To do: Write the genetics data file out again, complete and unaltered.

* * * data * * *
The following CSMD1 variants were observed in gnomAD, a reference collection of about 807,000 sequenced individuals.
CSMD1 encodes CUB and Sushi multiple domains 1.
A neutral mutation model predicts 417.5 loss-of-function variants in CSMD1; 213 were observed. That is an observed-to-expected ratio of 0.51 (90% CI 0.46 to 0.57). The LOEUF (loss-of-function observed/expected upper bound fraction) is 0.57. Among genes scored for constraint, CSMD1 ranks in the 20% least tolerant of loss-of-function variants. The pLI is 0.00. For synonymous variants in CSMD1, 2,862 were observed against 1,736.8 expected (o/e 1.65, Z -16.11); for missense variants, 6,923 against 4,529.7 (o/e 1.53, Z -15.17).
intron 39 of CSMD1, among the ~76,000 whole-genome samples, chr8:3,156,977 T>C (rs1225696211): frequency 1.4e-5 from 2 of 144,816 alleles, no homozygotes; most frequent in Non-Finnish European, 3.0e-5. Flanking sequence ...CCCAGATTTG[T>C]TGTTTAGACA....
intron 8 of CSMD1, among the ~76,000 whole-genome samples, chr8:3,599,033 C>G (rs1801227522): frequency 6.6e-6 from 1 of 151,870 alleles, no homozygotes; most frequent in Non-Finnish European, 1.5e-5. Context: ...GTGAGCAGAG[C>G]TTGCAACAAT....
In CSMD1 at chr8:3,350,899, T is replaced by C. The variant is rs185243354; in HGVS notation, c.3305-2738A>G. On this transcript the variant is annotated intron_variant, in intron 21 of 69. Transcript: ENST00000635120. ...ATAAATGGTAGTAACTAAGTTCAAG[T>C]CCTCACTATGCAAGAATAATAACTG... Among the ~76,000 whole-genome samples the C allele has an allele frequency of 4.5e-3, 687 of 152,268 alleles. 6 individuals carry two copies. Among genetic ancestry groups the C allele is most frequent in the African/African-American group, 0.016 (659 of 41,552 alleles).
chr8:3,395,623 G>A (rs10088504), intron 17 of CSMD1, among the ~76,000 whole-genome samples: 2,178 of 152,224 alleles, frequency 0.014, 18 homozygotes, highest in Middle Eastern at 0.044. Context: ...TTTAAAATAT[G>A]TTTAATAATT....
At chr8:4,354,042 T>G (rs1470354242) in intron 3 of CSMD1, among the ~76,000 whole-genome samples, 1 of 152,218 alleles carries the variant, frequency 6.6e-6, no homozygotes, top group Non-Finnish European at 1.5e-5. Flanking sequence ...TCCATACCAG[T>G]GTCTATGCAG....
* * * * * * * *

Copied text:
The following CSMD1 variants were observed in gnomAD, a reference collection of about 807,000 sequenced individuals.
CSMD1 encodes CUB and Sushi multiple domains 1.
A neutral mutation model predicts 417.5 loss-of-function variants in CSMD1; 213 were observed. That is an observed-to-expected ratio of 0.51 (90% CI 0.46 to 0.57). The LOEUF (loss-of-function observed/expected upper bound fraction) is 0.57. Among genes scored for constraint, CSMD1 ranks in the 20% least tolerant of loss-of-function variants. The pLI is 0.00. For synonymous variants in CSMD1, 2,862 were observed against 1,736.8 expected (o/e 1.65, Z -16.11); for missense variants, 6,923 against 4,529.7 (o/e 1.53, Z -15.17).
intron 39 of CSMD1, among the ~76,000 whole-genome samples, chr8:3,156,977 T>C (rs1225696211): frequency 1.4e-5 from 2 of 144,816 alleles, no homozygotes; most frequent in Non-Finnish European, 3.0e-5. Flanking sequence ...CCCAGATTTG[T>C]TGTTTAGACA....
intron 8 of CSMD1, among the ~76,000 whole-genome samples, chr8:3,599,033 C>G (rs1801227522): frequency 6.6e-6 from 1 of 151,870 alleles, no homozygotes; most frequent in Non-Finnish European, 1.5e-5. Context: ...GTGAGCAGAG[C>G]TTGCAACAAT....
In CSMD1 at chr8:3,350,899, T is replaced by C. The variant is rs185243354; in HGVS notation, c.3305-2738A>G. On this transcript the variant is annotated intron_variant, in intron 21 of 69. Transcript: ENST00000635120. ...ATAAATGGTAGTAACTAAGTTCAAG[T>C]CCTCACTATGCAAGAATAATAACTG... Among the ~76,000 whole-genome samples the C allele has an allele frequency of 4.5e-3, 687 of 152,268 alleles. 6 individuals carry two copies. Among genetic ancestry groups the C allele is most frequent in the African/African-American group, 0.016 (659 of 41,552 alleles).
chr8:3,395,623 G>A (rs10088504), intron 17 of CSMD1, among the ~76,000 whole-genome samples: 2,178 of 152,224 alleles, frequency 0.014, 18 homozygotes, highest in Middle Eastern at 0.044. Context: ...TTTAAAATAT[G>A]TTTAATAATT....
At chr8:4,354,042 T>G (rs1470354242) in intron 3 of CSMD1, among the ~76,000 whole-genome samples, 1 of 152,218 alleles carries the variant, frequency 6.6e-6, no homozygotes, top group Non-Finnish European at 1.5e-5. Flanking sequence ...TCCATACCAG[T>G]GTCTATGCAG....